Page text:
IPS: Unser - the 3rd generation

It's hard to believe that right now, in 2004, there is only one Unser driving in open wheel racing. Al Unser, the third generation pilot, who made a fine Menards Infiniti Pro Series debut at Kansas Speedway on July 3rd is proud to carry on in the...

It's hard to believe that right now, in 2004, there is only one Unser driving in open wheel racing. Al Unser, the third generation pilot, who made a fine Menards Infiniti Pro Series debut at Kansas Speedway on July 3rd is proud to carry on in the family business and hopes to do so in a manner similar to his famous father and grandfather who share the same name.

When the third Al Unser decided he wanted to be a professional racer, he discussed the decision with father Al Unser Jr. and grandfather Al Unser, both of whom asked the kid if he was sure he wanted to do this. The 21- year-old "started with driving schools and went from there," he explained.

There was more to it than that, as Alfred Richard Unser (his full name) became Rookie of the Year in the Skip Barber Western Racing Series in 2002 with six victories and finished seventh in the Formula Dodge National Championship the same season. Last year he moved to the Barber Dodge Pro Series and recorded four top-ten results.

"My father and grandfather reminded me that racing is hard work before I got into it. They said if racing were easy, everyone would do it. But I'd made up my mind this was what I really wanted," he said with true determination.

Al has learned a lot from both of his forbearers, particularly at the Indianapolis Motor Speedway. "My grand-dad knows Indy. He knows that only the last lap really matters. In 1987 it was all strategy that got him the win; he didn't lead lots of laps but he led the important one, the last lap," Unser said almost by rote.

Examining his father's troubles, Unser admitted he has "learned what not to get into on and off the track."

Al Unser did his Menards Infiniti Pro Series rookie test with Sam Schmidt Motorsports earlier in the year and, when the opportunity presented itself to drive the Western Union #2 Dallara/Infiniti/Firestone racer for Keith Duesenberg Racing, Unser was ready and able. "We did a test at Milwaukee and went from there," he noted.

Unser entered the Menards Infiniti Pro Series just as his father announced retirement from the Indy Racing League's premier IndyCar Series and there was plenty of hype about both the entry and exit. "Us coming in and Dad retiring focused attention to me and I'm happy for that.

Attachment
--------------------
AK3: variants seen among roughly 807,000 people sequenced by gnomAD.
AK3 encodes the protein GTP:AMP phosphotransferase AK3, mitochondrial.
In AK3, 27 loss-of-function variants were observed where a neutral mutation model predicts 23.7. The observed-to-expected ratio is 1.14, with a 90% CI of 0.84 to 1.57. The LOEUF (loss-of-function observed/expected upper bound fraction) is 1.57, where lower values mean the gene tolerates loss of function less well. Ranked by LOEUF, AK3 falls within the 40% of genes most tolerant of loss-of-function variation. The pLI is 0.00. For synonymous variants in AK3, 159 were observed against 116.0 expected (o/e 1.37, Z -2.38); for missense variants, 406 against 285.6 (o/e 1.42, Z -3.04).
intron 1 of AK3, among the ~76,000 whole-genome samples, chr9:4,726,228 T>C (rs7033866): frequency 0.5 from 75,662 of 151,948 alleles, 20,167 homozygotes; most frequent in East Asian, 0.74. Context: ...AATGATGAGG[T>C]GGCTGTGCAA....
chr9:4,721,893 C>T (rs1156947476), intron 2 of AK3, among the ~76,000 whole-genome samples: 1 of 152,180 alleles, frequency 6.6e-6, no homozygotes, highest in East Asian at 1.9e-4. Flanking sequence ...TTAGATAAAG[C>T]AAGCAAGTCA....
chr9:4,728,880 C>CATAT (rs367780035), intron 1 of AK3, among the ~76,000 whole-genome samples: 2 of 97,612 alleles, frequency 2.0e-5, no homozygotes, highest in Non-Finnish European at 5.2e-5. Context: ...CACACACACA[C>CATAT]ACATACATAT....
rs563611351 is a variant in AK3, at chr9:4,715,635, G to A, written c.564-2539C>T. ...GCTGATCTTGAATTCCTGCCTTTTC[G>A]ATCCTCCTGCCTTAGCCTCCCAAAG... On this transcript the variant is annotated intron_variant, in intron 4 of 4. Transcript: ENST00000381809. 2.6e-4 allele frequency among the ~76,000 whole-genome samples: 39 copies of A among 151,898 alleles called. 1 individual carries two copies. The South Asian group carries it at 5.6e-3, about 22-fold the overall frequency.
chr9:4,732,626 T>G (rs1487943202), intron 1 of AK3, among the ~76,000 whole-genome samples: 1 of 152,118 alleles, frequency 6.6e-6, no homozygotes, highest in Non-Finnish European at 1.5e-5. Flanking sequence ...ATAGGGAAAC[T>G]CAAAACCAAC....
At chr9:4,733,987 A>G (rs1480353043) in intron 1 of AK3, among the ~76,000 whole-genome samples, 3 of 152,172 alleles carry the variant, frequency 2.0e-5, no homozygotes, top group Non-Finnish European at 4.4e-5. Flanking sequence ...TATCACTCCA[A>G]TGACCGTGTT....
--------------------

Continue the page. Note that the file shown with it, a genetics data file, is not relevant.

"I feel some pressure having to live up to the name and I'll take it. The only expectations I feel I have to live up to are those of bringing the car home and rolling it back onto the trailer," he declared. "There's no added pressure and that takes the weight off me and lets me have fun with this."

Unser did not come to Kansas under ideal conditions, as the Pro series cars had only a short practice session when rain inundated the area, washing out qualifying. While his competitors realized their practice times would set a grid, Unser was still learning the car, the track and the guys he was racing against in Saturday's 100-mile event.

"I have to thank Keith Duesenberg Racing for a great setup. They allowed me to go out and set some decent practice times but practice ended up being qualifying. I had a decent car but I needed to do some drafting so I could feel the car's reaction behind another driver. The team made some changes and I had a great race car," Unser said.

"Dad talked to me before the racing about bringing the car home. He advised me not to risk damaging the equipment and let the other guys go off and do their things. 'Let the race come to you' is what he told me. Johnny Rutherford and my grandfather advised me to 'just finish the race'," which he did with the third spot on the podium.

After finishing third in Kansas, Unser's father did have some advice: "He told me to close up on Paul Dana, to get a little closer because as the air comes off the car it's not as disturbed when you're way close to the car in front," Unser recalled.

Preparing for this weekend's CleanEvent 100 on the Nashville Superspeedway concrete surface, Unser expects to work on his starts and restarts a bit more. "I have to see how drivers react and what they do on the starts and restarts. On the second restart in Kansas, we made up some positions" to get to the podium.

"Strategy changes at each track. Nashville is shorter than Kansas and it does have a way different surface. We'll have to do set-up stuff and we are going into this race with high hopes," Unser said.

Right now Unser is negotiating with Keith Duesenberg Racing in the hopes of doing "a couple more or the rest of the [Menards Infiniti Pro Series] season. I still want to race some Toyota Atlantic Championship events this year (after competing in the season opener at Long Beach in April) to get some more road racing experience because I know the IndyCar and Pro series are both going road racing in 2005. I need the experience."

He may need some experience, but Al Unser Jr.'s elder son already has the PR angle down as well as his father and grandfather. It probably won't be long before he, too, can add his name to the famed Borg Warner Trophy, emblematic of victory in the Greatest Spectacle in Racing.

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About this article
Series Indy Lights
Drivers Al Unser Jr. , Sam Schmidt , Skip Barber , Paul Dana , Johnny Rutherford , Al Unser